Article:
In a recent conversation with Dr. Hannah Pitman, she shared details about her life outside of the office — in her art studio, or creative corner as she refers to it! Read below to learn about her background with art, inspirational thoughts on creativity and to see a sample of her work.
Q: How long have you been an artist?
I’ve always enjoyed art, even from a young age. I remember taking art lessons as a child and continuing through high school taking AP classes. I was a little busier during college and medical school but found more time for my hobby during the pandemic.
Q: Do you have a favorite medium and/or subject?
You could say I gravitate towards more classical mediums but my work ranges from sketches with a pen and ink to oil paintings to digital artwork. You’ll find my dog, Winnie, is one of my favorite subjects. She’s quite a character which makes her a good subject for some of my comics and more humorous pieces.
Q: Can you tell us about finding inspiration for pieces and your process?
I’m a big fall person. I love autumn and hiking. And my dog. So if I’m feeling homesick for fall, I’ll incorporate these in my work. I also have a cork board on the wall in my studio where I pin things I find inspirational. I’m self taught and have found that there are so many things you access from other artists online to use as jumping off point — no proper training required.
As for a process, it really depends on the day, the medium and the hours I can devote. My playlist varies as well – if it’s a rainy day, it will be indy folk. Other days if I’m painting with vibrant colors, I’ll listen to more high energy to match the mood.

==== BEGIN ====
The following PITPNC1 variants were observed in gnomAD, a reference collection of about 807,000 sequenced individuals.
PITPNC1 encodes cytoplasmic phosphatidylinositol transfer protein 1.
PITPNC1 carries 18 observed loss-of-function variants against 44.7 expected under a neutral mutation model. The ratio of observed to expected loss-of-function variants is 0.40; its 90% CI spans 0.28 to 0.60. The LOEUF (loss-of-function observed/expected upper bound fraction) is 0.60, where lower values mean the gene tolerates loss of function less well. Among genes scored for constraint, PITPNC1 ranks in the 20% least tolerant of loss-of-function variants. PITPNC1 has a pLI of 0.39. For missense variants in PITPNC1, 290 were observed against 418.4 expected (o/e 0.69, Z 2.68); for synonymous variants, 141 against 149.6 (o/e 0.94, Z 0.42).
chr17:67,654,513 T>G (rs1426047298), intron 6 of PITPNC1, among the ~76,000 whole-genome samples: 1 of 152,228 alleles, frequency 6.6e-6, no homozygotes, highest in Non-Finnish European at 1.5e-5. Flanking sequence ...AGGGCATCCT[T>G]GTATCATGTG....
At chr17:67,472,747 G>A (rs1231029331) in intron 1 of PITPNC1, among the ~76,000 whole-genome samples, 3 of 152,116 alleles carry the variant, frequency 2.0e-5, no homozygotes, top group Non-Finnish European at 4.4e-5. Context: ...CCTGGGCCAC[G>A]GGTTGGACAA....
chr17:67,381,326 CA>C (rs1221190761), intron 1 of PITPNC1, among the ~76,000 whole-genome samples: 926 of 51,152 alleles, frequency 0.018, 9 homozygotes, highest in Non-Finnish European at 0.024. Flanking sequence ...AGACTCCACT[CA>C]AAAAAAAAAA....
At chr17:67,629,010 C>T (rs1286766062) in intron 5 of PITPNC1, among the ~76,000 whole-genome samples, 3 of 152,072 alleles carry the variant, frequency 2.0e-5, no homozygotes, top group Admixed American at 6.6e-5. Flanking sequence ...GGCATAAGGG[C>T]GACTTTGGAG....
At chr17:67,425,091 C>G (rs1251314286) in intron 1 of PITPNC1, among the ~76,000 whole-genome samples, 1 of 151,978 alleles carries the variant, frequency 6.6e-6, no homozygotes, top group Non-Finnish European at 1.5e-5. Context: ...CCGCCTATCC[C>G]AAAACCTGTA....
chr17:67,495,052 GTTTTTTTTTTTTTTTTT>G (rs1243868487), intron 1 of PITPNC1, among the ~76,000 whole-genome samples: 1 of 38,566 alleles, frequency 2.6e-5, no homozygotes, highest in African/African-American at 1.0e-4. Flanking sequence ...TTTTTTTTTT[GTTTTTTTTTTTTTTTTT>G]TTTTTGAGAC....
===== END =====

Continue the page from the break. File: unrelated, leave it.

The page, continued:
Q: Any advice you’d like to share with others?
There is a page in my sketch book that says “A blank page is terrifying.” My advice is to just start and not worry too much about the end product. Even if it doesn’t turn out exactly as what you had in your brain (and most of the time it doesn’t), just take the first step. You might realize that you actually like doing this! Or, you feel more relaxed and energized. My wish is for everyone to have the courage to start something even if they feel like they don’t have experience or talent.
Q: What lines can you draw from your artistic world to your professional one?
For me, creativity can take so many different forms. Whether it’s cooking and playing around with recipes or painting and drawing, it is somewhat meditative for me to use a different part of my brain. We live so much of our lives in our own head that it’s a healthy outlet when when I go to a space where I’m not focused on myself or my surroundings and I can just be absorbed in the process. This time makes me more energized and focused in my professional life.
Thanks to Dr. Pitman for the great advice and for sharing her art. She always loves to hear what patients are creating as well so don’t hesitate to connect during your next visit.